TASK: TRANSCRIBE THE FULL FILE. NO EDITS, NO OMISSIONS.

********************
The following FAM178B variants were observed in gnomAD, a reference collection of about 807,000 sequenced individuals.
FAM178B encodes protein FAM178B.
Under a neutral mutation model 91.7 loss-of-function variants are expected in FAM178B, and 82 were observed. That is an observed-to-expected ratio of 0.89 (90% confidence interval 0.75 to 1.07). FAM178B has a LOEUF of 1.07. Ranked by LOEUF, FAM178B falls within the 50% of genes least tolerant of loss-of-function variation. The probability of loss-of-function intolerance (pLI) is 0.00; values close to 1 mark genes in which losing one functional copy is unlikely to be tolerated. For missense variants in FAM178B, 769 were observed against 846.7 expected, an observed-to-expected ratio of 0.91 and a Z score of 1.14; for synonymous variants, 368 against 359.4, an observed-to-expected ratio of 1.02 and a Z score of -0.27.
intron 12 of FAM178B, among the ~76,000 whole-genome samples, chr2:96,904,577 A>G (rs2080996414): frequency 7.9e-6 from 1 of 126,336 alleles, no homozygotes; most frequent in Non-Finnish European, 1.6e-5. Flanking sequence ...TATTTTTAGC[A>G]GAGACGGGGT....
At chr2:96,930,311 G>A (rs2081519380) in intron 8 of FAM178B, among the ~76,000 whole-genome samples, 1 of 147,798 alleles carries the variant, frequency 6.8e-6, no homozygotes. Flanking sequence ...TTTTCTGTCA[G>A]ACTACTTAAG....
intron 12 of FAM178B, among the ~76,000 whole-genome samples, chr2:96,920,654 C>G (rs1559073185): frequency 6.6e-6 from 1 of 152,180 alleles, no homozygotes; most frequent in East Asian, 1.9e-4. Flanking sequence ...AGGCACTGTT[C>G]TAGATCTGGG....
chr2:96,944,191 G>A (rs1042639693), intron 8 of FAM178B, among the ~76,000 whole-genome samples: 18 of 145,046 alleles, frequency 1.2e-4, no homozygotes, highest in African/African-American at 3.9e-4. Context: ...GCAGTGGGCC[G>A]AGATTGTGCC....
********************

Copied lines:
The following FAM178B variants were observed in gnomAD, a reference collection of about 807,000 sequenced individuals.
FAM178B encodes protein FAM178B.
Under a neutral mutation model 91.7 loss-of-function variants are expected in FAM178B, and 82 were observed. That is an observed-to-expected ratio of 0.89 (90% confidence interval 0.75 to 1.07). FAM178B has a LOEUF of 1.07. Ranked by LOEUF, FAM178B falls within the 50% of genes least tolerant of loss-of-function variation. The probability of loss-of-function intolerance (pLI) is 0.00; values close to 1 mark genes in which losing one functional copy is unlikely to be tolerated. For missense variants in FAM178B, 769 were observed against 846.7 expected, an observed-to-expected ratio of 0.91 and a Z score of 1.14; for synonymous variants, 368 against 359.4, an observed-to-expected ratio of 1.02 and a Z score of -0.27.
intron 12 of FAM178B, among the ~76,000 whole-genome samples, chr2:96,904,577 A>G (rs2080996414): frequency 7.9e-6 from 1 of 126,336 alleles, no homozygotes; most frequent in Non-Finnish European, 1.6e-5. Flanking sequence ...TATTTTTAGC[A>G]GAGACGGGGT....
At chr2:96,930,311 G>A (rs2081519380) in intron 8 of FAM178B, among the ~76,000 whole-genome samples, 1 of 147,798 alleles carries the variant, frequency 6.8e-6, no homozygotes. Flanking sequence ...TTTTCTGTCA[G>A]ACTACTTAAG....
intron 12 of FAM178B, among the ~76,000 whole-genome samples, chr2:96,920,654 C>G (rs1559073185): frequency 6.6e-6 from 1 of 152,180 alleles, no homozygotes; most frequent in East Asian, 1.9e-4. Flanking sequence ...AGGCACTGTT[C>G]TAGATCTGGG....
chr2:96,944,191 G>A (rs1042639693), intron 8 of FAM178B, among the ~76,000 whole-genome samples: 18 of 145,046 alleles, frequency 1.2e-4, no homozygotes, highest in African/African-American at 3.9e-4. Context: ...GCAGTGGGCC[G>A]AGATTGTGCC....